Sticker shock? Santana's agents make their case for $112M

ORLANDO, Fla. -- The asking price for free-agent starter Ervin Santana is indeed a bit more than $100 million, as reported.

In fact, it is a little more than a bit more. It is precisely $112 million for five years, according to people familiar with talks involving Santana.

This price may seem high at first blush, but it wasn’t arrived at by throwing darts at a dartboard.

Santana's agents Bean Stringfellow, Joe White and Jay Alou have a book with some surprising data that illuminates just how special Santana is. Some of it involves his consistency and durability, both of which are admirable.

But some of it revolves around a comparison to Dodgers star pitcher Zack Greinke, and it goes well beyond the fact that both once pitched for the Kansas City Royals.

Stringfellow, White and Alou come armed with data that shows, at least over one- and three-year periods, Santana and Greinke are a lot closer than one might think. Greinke, we all know, received a $147 million, six-year Dodgers deal, with a three-year opt out. And don’t think for a second the Dodgers aren’t thrilled with that deal, by the way.

Greinke is considered a star, and Santana usually isn’t.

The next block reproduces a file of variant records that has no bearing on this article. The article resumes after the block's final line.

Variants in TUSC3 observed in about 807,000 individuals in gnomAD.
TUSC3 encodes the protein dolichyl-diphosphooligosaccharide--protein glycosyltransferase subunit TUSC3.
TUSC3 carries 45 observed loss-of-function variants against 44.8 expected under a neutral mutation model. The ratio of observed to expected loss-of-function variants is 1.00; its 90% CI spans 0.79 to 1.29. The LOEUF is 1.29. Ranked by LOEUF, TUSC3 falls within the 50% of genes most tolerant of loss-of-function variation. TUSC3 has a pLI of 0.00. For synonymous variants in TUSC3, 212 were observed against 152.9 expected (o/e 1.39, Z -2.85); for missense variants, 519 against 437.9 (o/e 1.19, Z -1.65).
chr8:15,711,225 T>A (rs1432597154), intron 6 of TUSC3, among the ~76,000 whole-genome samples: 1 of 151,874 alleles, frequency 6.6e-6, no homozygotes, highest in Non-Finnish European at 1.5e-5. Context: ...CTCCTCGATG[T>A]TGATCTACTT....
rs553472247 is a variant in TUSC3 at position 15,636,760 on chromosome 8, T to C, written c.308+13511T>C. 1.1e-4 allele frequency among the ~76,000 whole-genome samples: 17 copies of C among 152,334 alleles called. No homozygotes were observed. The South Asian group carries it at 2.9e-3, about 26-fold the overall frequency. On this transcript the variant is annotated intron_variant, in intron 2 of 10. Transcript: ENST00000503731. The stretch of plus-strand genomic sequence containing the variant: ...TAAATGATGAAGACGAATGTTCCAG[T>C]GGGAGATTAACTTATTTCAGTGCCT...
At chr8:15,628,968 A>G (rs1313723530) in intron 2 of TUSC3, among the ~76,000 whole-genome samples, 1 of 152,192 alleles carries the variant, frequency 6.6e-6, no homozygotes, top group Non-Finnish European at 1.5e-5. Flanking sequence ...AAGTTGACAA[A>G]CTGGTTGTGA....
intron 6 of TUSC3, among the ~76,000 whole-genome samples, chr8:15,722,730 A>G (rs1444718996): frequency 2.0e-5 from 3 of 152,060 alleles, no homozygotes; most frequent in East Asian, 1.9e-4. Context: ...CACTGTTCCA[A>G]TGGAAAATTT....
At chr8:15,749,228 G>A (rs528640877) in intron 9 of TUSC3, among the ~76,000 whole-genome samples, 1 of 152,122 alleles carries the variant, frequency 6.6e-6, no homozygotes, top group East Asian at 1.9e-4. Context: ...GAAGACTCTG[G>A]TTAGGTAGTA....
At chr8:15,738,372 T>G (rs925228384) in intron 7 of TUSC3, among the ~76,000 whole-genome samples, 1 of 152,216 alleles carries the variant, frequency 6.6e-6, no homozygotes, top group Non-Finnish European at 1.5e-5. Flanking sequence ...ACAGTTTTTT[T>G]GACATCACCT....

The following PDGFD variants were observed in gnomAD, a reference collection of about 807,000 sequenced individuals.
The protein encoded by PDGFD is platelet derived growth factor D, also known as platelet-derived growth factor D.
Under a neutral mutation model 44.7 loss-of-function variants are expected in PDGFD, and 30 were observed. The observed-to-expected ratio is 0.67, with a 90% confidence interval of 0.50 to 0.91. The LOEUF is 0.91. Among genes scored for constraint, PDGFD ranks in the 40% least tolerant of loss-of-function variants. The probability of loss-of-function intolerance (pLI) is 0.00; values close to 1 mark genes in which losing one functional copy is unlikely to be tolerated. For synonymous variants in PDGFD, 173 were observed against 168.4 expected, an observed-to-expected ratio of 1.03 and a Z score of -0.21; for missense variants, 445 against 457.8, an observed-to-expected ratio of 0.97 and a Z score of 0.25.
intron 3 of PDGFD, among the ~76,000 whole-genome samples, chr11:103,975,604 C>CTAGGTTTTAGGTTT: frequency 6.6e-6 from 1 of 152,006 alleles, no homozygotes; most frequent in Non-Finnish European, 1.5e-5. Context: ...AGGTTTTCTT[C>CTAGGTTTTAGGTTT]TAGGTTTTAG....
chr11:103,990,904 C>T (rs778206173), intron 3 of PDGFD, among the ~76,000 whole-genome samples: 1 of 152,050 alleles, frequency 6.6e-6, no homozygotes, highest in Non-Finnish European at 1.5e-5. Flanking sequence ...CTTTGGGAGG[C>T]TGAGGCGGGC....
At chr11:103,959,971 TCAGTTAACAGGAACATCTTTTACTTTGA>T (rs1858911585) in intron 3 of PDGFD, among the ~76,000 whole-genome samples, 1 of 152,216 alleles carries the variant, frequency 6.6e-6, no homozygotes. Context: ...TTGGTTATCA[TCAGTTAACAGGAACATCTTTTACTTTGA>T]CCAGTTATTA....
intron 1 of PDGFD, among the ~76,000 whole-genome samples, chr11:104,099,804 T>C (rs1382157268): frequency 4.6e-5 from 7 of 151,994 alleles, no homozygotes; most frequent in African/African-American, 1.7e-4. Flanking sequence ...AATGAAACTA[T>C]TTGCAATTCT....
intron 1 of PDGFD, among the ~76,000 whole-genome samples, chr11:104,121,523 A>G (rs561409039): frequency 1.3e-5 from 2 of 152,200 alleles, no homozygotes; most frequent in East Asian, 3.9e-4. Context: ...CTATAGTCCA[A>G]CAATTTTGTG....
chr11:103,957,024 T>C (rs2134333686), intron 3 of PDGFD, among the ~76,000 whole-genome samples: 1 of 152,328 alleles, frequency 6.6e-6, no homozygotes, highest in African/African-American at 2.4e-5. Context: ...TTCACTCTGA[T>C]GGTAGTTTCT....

But over the three years heading into their free agency, they are remarkably and shockingly similar.Greinke had a 3.83 ERA, 106 ERA plus and 1.215 WHIP. Santana had a 3.85 ERA, 101 ERA plus and 1.208 WHIP.

All the other numbers are very close, too. Except for strikeouts, where Greinke leads.

The "platform" year (the year heading into free agency) is pretty comparable, too. Greinke had a 3.48, 115 ERA plus and 1.196 WHIP in 2012. Santana had a 3.24 ERA, 127 ERA plus and 1.142 WHIP in 2013.

Greinke's stature in the game is significantly higher, of course. And there’s reason for that, beyond the stats. Greinke is considered a great athlete who can help himself with fielding and hitting. Greinke has won a Cy Young Award. And Greinke does strike out more batters.

But Stringfellow, Alou and White also note that Greinke's $147 million is actually significantly better than that due to the three-year opt out. And so their asking price -- which turns out to be $112 million -- is actually reasonably lower.

The $100 million-plus figure, first reported by Ken Rosenthal of, surprised some folks who were figuring on the $70 million to $80 million range for the pitcher who's among the elite of this market, along with Matt Garza and Ubaldo Jimenez. Well, $112 million may shock a few more folks.

Stringfellow, Alou and White make a compelling case, if you listen to it.

The real question, though, is whether the general managers here are buying it.

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